a personal collection of original music, photographs, observations and other random stuff that happens inside my head…

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Grandview Beach, Leucadia, CA, New Year’s Day 2010

And this, our life, exempt from public haunt, finds tongues in trees, books in the running brooks, sermons in stones, and good in everything.
William Shakespeare

These images are the product of an intensely spiritual afternoon;  I refer to them when I need to remember the world is a magical, beautiful place…  which seems to be happening more and more frequently these days.  Taken around Grandview Beach, in Leucadia, CA on New Year’s Day 2010, I felt as though I was walking within a dreamscape and all the world had been rendered to watercolor; the walls between worlds seemed thinner and blurred somehow, the temperature never varied and was neither hot nor cold, and the light remained in a constant state of  in-between.

It is true that Nature can quiet even the most broken of hearts;  this gallery is dedicated to everyone whose heart is breaking from the horrific violence and senseless death in Norway, in India, and everywhere else; to everyone whose mind is reeling from the climate of overwhelming disrespect so perfectly showcased by our media and our political leaders, and to those who simply wish to live, separate and apart from the madness.

Grandview Beach, Leucadia CA New Year's Day 2010

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Posted July 24th, 2011.

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“Each Man’s Death Diminishes Me”

“I took my eyes away; we didn’t want to be reminded of how little we counted,

how quickly, simply, and anonymously death came.”

(Graham Greene, The Quiet American)

Yesterday, March 11, 2011, a massive earthquake shook Japan – it was the biggest seismic event in Japan’s recorded history. Italy’s National Institute of Geophysics and Volcanology reported that the quake, which measured 8.9 on the Richter scale, threw the earth off its axis point by 9.8 INCHES.   The US Geological Survey reported that the main island of Japan moved nearly 8 feet.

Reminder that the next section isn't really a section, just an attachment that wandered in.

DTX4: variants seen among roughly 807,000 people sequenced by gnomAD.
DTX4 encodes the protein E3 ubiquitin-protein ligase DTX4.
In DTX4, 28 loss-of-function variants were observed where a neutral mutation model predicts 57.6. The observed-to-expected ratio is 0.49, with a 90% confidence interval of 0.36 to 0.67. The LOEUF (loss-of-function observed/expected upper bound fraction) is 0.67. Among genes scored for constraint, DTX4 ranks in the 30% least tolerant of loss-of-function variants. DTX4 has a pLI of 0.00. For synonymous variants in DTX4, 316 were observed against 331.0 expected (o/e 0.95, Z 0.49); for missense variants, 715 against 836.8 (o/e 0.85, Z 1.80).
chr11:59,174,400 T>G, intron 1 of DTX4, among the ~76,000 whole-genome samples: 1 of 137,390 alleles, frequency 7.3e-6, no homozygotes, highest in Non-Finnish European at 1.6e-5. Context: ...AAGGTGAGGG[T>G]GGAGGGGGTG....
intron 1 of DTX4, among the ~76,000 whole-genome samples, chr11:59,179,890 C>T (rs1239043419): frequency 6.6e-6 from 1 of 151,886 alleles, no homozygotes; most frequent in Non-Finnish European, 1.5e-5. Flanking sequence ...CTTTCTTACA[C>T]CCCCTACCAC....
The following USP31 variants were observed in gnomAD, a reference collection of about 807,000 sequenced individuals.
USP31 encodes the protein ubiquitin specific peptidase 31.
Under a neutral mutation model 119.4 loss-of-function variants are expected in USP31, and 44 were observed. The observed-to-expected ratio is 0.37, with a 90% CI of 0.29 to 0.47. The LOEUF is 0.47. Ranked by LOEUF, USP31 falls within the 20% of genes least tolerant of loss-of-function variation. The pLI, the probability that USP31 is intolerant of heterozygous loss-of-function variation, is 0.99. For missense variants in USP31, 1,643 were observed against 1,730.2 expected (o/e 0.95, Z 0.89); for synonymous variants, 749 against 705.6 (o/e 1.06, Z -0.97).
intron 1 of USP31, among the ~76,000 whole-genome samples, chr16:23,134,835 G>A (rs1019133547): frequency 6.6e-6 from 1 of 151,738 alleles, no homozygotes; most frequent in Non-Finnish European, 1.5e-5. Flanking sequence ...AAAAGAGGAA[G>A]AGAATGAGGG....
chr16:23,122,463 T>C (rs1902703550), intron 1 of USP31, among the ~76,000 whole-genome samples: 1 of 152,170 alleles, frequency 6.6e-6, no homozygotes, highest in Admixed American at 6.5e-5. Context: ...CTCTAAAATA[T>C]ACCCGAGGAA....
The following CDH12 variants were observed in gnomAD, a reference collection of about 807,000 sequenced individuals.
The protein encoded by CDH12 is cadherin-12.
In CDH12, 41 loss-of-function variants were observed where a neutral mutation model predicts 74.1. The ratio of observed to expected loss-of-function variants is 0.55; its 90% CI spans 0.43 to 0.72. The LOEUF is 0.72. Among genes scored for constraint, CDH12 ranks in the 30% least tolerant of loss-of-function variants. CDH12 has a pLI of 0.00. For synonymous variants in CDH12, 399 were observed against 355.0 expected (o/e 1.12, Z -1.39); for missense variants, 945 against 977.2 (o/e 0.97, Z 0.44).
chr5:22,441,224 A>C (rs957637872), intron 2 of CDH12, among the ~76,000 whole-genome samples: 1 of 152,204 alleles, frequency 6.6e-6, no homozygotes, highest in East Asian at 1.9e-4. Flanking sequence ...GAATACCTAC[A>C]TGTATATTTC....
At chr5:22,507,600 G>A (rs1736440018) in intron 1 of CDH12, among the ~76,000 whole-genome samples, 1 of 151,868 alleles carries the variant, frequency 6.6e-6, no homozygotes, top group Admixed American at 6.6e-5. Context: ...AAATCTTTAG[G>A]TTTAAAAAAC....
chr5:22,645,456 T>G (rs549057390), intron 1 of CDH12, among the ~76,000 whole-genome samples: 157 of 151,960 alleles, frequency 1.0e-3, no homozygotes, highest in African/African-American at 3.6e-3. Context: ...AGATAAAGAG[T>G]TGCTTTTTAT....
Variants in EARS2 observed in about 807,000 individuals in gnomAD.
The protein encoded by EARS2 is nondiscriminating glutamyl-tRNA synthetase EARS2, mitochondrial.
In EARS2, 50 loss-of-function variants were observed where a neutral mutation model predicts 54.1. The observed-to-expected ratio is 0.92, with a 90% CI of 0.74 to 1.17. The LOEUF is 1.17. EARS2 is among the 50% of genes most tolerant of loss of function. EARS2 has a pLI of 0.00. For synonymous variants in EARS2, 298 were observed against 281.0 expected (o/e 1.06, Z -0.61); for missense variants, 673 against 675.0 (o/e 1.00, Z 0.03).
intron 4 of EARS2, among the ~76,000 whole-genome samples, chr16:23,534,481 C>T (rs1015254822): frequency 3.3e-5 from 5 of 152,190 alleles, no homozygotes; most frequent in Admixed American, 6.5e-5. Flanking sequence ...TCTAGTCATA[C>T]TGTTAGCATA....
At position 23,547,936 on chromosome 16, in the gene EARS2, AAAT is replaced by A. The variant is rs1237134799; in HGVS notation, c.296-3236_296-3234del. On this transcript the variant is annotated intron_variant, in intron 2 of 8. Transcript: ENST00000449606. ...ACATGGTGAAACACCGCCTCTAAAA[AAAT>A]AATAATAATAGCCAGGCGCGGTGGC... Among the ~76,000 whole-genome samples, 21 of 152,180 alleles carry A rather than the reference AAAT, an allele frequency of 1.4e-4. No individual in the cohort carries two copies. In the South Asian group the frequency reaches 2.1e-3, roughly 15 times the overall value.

Like the rest of the world, I am haunted by the images of the devastation that ensued.  My heart aches for the people who have lost loved ones, for the tens of thousands of people missing.  Watching footage of the tsunami sweeping away ships, automobiles, homes, and entire buildings was a horrifying experience.  But it almost becomes too much to bear to contemplate the pain, fear, shock and terror of the thousands of people who were powerless to help themselves or others against the will of an angry earth.

After the 2004 tsunami in Thailand, I remember experiencing the same feeling of helplessness and despondency.  Stunned and emotionally devastated by the images we’d seen, my husband, my kids and I went down to the beach to try to clear our heads.  There, stretching as far as the eye could see in either direction up the Southern California coastline, were hundreds of altar-like memorial structures crafted from enormous bamboo fronds that had mysteriously washed up in tangled piles on the beach.   It was late in the day; there was no sign of the person or persons who had constructed the remembrances, but the message was clear:

We will remember. You are not alone.

We added our own bamboo memorial to the collection on the beach; the kids made little stone messages around the spires.  Days later, my husband traveled down the coast by train, and came home that night to excitedly report that the bamboo memorials stretched for miles and miles down the coastline.  It felt like hope.

Maybe time is circular; it’s been years since I looked at the pictures of that day, but the emotion and sentiments evoked by those simple structures many years ago, on a beach that is now many miles away, remain as pure and potent as they were then.  And the message is the same:

We will remember.  You are not alone.

Posted March 13th, 2011.

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